"Even if we're seeing laws change that improve access to fertility preservation, we are not necessarily seeing the same improvements, yet, in access to IVF," Pecker said. "But, of course, this becomes a long-term care need."

Fertility issues can arise even without gene therapy, Pecker noted, and sickle cell itself comes with fertility risks for men and women, as do other available treatments. In men with sickle cell, for example, semen abnormalities are common. Women with sickle cell tend to have lower total egg supply than women generally, though it's unclear the extent to which that translates to infertility. And another cure for sickle cell, bone marrow transplant from a compatible donor, also involves chemotherapy and can cause infertility.

"Even before you introduce curative therapies to this picture, what we're increasingly aware of is that this is a population with infertility risk factors based on their disease and chronic therapies," Pecker said. She stressed that there's a need for additional population studies to better characterize infertility among sickle cell patients, since there are still many knowledge gaps.

What to do today

While the federal government and manufacturers work on ensuring the latest gene therapies and support services are accessible to sickle cell patients, physicians are tasked with ensuring patients are making informed decisions about whether to undergo gene therapy, and if they do, that they understand the supportive services they'll need. As it stands, information on reproductive health is lacking: In a small survey of male adolescents and young adults with sickle cell, many patients and caregivers didn't know that their condition or treatment might make it difficult to have a biological child in the future, according to results published in Blood Advances in 2022.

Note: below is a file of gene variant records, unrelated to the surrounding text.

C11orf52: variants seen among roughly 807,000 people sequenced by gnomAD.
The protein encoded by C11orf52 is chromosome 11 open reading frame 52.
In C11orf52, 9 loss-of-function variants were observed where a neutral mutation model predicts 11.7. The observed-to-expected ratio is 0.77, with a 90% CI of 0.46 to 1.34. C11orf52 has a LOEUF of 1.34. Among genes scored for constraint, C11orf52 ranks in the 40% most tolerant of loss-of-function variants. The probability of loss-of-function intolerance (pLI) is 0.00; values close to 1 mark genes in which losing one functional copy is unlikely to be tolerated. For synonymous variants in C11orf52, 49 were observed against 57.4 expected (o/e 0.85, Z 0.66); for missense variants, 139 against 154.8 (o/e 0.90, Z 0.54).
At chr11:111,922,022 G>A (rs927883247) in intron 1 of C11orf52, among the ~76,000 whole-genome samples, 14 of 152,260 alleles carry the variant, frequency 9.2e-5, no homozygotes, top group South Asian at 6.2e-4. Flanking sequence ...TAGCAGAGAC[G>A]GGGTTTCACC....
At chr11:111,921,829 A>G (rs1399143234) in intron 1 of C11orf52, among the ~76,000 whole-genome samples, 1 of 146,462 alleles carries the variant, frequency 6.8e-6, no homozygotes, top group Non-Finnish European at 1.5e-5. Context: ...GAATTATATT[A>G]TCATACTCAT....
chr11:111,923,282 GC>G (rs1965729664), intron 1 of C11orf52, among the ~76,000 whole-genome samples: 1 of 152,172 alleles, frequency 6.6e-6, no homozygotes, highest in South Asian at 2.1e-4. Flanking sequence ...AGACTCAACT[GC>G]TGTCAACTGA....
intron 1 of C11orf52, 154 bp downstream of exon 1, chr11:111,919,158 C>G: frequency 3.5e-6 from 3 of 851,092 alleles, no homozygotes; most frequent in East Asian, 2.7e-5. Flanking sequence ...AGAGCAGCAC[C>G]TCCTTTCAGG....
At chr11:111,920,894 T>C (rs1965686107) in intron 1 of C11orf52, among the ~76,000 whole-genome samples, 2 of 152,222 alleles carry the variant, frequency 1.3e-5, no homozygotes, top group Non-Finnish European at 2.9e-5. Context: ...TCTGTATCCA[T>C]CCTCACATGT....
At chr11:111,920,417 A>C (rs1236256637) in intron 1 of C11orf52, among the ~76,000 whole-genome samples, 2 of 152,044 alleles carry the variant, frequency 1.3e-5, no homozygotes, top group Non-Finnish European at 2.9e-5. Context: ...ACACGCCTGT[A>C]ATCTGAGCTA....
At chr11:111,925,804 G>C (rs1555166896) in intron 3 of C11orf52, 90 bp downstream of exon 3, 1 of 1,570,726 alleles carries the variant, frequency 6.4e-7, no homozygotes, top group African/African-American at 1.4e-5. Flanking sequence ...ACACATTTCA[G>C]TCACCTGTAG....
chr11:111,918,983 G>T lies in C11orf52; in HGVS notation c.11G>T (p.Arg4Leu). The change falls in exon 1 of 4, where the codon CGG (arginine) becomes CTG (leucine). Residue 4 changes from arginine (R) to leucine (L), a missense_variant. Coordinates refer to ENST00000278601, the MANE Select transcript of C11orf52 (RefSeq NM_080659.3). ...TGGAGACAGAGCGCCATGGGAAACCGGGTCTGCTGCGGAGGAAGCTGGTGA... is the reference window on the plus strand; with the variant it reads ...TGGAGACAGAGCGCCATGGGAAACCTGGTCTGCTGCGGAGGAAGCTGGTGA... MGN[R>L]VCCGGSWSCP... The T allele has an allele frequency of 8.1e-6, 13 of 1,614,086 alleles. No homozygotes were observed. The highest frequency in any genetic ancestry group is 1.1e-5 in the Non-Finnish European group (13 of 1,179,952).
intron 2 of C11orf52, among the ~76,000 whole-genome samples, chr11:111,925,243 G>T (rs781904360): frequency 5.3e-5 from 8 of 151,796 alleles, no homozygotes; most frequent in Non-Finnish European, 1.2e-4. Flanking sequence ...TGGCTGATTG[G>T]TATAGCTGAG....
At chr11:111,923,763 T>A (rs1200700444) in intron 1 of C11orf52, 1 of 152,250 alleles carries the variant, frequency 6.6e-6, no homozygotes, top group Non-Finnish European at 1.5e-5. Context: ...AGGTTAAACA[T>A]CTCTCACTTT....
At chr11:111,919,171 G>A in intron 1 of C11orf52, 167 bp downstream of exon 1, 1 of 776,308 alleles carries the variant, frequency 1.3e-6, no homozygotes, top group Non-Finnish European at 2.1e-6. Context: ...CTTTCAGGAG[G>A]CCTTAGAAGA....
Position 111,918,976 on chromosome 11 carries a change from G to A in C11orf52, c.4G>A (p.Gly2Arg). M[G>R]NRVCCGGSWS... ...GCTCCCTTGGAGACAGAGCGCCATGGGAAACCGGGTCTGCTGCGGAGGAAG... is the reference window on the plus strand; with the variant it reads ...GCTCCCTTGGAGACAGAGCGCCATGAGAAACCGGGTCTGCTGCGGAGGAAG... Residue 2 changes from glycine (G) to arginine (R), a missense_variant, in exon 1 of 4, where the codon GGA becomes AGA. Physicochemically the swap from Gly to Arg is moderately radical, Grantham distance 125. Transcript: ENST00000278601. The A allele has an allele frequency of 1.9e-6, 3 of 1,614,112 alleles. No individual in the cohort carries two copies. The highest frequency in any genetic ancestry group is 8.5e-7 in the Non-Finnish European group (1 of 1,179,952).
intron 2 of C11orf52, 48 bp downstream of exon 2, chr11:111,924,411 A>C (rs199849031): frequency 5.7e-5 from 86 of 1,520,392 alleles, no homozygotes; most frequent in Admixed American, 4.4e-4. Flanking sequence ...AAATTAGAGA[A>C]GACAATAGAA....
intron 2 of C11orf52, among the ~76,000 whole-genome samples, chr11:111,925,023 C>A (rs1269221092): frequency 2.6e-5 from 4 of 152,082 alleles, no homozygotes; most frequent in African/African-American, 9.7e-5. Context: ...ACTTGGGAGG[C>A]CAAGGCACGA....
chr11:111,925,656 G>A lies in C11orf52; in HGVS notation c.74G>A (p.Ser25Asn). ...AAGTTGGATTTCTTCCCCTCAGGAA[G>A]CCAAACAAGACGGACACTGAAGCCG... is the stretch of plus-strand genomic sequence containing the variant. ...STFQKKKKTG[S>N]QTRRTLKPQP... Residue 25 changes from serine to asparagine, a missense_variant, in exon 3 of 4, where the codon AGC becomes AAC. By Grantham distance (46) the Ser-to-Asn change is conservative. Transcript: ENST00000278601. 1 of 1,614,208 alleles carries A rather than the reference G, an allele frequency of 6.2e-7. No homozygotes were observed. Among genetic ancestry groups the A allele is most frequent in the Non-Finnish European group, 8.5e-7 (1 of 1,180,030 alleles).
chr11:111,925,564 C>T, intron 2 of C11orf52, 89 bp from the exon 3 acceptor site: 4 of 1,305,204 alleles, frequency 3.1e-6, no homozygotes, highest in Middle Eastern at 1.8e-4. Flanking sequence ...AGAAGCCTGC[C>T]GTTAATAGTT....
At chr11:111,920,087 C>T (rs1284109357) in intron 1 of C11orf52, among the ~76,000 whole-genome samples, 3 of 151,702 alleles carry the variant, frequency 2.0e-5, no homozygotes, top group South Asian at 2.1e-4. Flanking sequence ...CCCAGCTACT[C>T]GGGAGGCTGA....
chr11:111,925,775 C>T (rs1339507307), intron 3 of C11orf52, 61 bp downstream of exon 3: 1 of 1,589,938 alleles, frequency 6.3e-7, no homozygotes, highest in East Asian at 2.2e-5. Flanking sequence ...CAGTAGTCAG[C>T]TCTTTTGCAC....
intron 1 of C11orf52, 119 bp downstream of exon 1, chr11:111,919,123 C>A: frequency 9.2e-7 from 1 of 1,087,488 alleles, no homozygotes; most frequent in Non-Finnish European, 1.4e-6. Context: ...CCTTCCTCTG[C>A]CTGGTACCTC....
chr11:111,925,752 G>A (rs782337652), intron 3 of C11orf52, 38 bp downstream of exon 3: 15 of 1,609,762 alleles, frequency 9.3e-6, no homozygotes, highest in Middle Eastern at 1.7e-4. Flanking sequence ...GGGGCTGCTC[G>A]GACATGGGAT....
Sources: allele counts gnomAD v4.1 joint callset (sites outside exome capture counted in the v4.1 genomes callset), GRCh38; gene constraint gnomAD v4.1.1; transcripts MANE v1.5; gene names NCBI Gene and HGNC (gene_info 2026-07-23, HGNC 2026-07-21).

In light of the two gene therapies' approvals, the Sickle Cell Disease Association of America (SCDAA), which advocates for sickle cell patients and their caregivers, has been putting together an online library of educational materials about these treatments. "We are trying to get everybody ready for what's called 'shared decision-making,'" said Hsu, who, in addition to his role at UIC, also serves as the SCDAA's chief medical officer. Shared decision-making in this context means that patients and families are involved in care decisions and fully aware of their options and the potential risks and benefits.